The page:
SY6 .4   14:45  The role of human decision-making for the sustainability of trophy hunting Nils Bunnefeld*, Imperial College London
Trophy hunting has been widely advocated as conservation tool and is now operating throughout the world, albeit with varying success. Wildlife populations exploited for trophy hunting are decreasing in many parts of the world. The reason for the failures of trophy hunting might be rooted in the following assumptions that are often made in conservation and management programmes for trophy hunting; perfect implementation through top down control by an all powerful and knowledgeable manager and full compliance with the management plan by hunting companies and local people. However, management plans often disregard both the cultural, social and economic needs of local people and the economic interests of hunting companies. We explore these issues using the example of the Mountain nyala in Ethiopia, and suggest a new framework for management that incorporates human behaviour into management decision-making and that takes into account uncertainty in the process of monitoring and implementation of the management plan. This approach can reveal new insights into the management of trophy hunting under multiple objectives of conservation, economic and social viability and under various forms of uncertainty.
SY6 .5   15:00  Data-poor management of African lion hunting: how to set quotas when the population size is unknown Edwards, CTT*, Imperial College London ; Bunnefeld, N, Imperial College London; Balme, G, Panthera; Milner-Gulland, EJ, Imperial College London
Sustainable management of lion (Panthera leo) hunting requires managers to set quotas restricting annual offtake. This has to take place in the absence of reliable information on the population size and as a consequence quotas are often set in an arbitrary fashion. In this investigation we show how trends in a proximate indicator of lion abundance can be used to set quotas in a sustainable manner. A simple algorithm is developed to convert changes in the number of safari days required to kill a lion into a quota for the following year. This was tested against a simulation model of population dynamics, accounting for both demographic and observational uncertainty, and shown to reliably set quotas at a sustainable level.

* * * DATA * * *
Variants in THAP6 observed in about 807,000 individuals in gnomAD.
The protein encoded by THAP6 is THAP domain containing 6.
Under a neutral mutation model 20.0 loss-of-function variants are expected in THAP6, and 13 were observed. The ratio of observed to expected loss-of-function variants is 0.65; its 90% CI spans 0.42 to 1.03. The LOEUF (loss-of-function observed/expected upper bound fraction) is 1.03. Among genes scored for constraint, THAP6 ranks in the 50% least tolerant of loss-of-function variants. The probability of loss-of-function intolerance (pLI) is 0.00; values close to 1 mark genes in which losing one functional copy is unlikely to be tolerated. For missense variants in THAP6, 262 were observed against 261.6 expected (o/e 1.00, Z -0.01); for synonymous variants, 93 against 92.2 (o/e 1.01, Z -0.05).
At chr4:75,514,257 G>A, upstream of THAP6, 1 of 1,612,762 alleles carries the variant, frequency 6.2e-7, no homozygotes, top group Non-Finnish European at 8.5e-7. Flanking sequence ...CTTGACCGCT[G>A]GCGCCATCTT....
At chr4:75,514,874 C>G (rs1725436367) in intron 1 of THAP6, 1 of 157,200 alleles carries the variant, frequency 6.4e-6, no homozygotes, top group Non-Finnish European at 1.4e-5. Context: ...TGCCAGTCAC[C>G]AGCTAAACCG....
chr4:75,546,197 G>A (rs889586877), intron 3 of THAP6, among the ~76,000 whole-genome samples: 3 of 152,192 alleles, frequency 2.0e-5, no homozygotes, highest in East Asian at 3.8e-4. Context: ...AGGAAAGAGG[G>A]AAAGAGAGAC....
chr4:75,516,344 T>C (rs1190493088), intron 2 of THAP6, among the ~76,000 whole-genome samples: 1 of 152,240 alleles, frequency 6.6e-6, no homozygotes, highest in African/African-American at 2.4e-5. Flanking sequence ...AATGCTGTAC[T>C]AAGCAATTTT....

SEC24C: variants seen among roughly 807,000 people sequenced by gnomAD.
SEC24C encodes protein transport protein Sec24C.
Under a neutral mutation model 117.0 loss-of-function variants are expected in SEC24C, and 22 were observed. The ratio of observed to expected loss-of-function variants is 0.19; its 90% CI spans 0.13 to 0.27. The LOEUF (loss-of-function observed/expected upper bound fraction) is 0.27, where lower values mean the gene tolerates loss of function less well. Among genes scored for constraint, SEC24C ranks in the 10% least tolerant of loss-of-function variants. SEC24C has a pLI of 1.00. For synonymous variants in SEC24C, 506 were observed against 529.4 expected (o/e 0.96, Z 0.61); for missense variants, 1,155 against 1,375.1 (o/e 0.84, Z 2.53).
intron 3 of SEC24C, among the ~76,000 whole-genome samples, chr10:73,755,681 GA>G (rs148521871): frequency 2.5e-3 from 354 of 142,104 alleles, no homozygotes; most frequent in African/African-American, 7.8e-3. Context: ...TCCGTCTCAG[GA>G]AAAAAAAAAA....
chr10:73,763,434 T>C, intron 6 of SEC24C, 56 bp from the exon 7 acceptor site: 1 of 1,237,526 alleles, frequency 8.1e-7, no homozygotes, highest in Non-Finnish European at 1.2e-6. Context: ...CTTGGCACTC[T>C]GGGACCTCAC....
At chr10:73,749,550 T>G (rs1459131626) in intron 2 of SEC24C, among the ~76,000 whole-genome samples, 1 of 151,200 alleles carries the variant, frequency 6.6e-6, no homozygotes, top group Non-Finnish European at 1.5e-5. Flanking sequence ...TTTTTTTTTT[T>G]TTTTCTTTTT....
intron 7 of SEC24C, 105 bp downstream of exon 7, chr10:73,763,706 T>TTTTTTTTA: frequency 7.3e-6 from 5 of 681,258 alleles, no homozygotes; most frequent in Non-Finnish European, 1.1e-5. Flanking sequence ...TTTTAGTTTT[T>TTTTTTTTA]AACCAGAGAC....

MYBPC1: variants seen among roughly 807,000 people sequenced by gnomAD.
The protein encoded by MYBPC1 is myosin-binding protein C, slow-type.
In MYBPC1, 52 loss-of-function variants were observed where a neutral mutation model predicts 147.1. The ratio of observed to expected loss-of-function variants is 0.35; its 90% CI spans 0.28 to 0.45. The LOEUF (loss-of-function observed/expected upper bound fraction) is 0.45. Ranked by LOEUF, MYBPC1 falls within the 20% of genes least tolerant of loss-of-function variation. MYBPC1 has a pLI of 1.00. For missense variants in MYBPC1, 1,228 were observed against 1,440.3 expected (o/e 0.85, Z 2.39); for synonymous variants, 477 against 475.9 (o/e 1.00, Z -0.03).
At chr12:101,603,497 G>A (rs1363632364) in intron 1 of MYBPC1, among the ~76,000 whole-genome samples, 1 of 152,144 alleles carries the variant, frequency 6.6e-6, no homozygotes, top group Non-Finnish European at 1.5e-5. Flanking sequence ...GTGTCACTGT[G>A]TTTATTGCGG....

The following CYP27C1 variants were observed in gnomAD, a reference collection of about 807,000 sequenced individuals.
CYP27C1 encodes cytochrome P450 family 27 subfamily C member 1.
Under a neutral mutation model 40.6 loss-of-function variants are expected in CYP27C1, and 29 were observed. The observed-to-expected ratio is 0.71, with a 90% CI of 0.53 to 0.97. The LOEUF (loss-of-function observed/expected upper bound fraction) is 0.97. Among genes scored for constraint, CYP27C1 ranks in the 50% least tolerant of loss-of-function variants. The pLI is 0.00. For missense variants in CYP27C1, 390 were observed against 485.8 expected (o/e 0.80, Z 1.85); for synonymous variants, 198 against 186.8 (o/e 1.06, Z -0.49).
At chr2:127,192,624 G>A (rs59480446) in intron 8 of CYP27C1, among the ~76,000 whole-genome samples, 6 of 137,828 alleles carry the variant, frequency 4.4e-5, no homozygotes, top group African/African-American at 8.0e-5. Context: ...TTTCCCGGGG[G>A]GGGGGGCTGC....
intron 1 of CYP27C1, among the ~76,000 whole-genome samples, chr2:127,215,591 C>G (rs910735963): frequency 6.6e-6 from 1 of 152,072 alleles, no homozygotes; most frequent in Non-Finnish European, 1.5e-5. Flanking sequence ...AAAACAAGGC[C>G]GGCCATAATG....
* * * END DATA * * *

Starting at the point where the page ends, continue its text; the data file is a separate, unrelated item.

SY6 .6   15:15  Modelling the behaviour of local resource users: grazing, the environment, and institutions McAllister, RRJ*, CSIRO Ecosystem Sciences
A key determinant of the sustainability of natural resource use is the effectiveness of institutions (governance). Critically, institutions play a role in matching the scale of natural resource management to underpinning ecological processes. This issue is strongly demonstrated in dryland systems (arid, semi-arid, dry subhumid), where extreme resource variability across time and space is a pervasive feature. In drylands the environment is not sufficiently fertile, moist or predictable for cropping or other intensive forms of agriculture, yet around 400 million people from around the globe depend on dryland resources for their livelihood, mainly through livestock production. The key to thriving in such climates, where livestock-based livelihoods are tightly coupled with the environment, is in managing variability. In this talk we present an economic model for managing environmental risk. The model, based on modern portfolio theory, unpacks the trade-offs between coping with variability over time and space. This provides a basis for understanding the role of institutions in using dryland natural resources sustainably.
SY6 .7   15:30  MSE in Fisheries: Broadening the scope from single species approaches Dichmont, Cathy*, CSIRO Marine and Atmospheric Research
Management Strategy Evaluation (MSE) in fisheries is reasonably well established. They have been used in many contexts, but progress can still be made in incorporating a wider range of components other than just target species, such as the effect of fishing on the seabed, species at risk to fishing, or the ecosystem itself. Furthermore, MSE is generally still technically “high-end” when data poor fisheries are common. In this paper, we use two case studies to demonstrate where MSE has made progress. The first example is one in which an MSE is undertaken that includes target species, economic and biological components, the effects of trawling on the seabed and species at risk to trawling. The results show that a target of Maximum Economic Yield actually benefits fishers, but also the environment. The resultant management strategies have been implemented so these strategies can be robust for management purposes. The second example uses a qualitative method with a series of stakeholder groups to develop social, biological, governance and economic objectives. The same group also developed different management strategies and assessed these semi-quantitatively. Analysis of this data clearly highlighted a management strategy that was rated by all stakeholders as producing the best outcomes. This example shows the power of using a stakeholder process to provide their combined knowledge into developing what is essentially a data poor MSE. These two examples show that MSE can be applied in many domains to develop broader management strategies that are still robust to management implementation.
DISCUSSION - Discussion period commences after all presentations have finished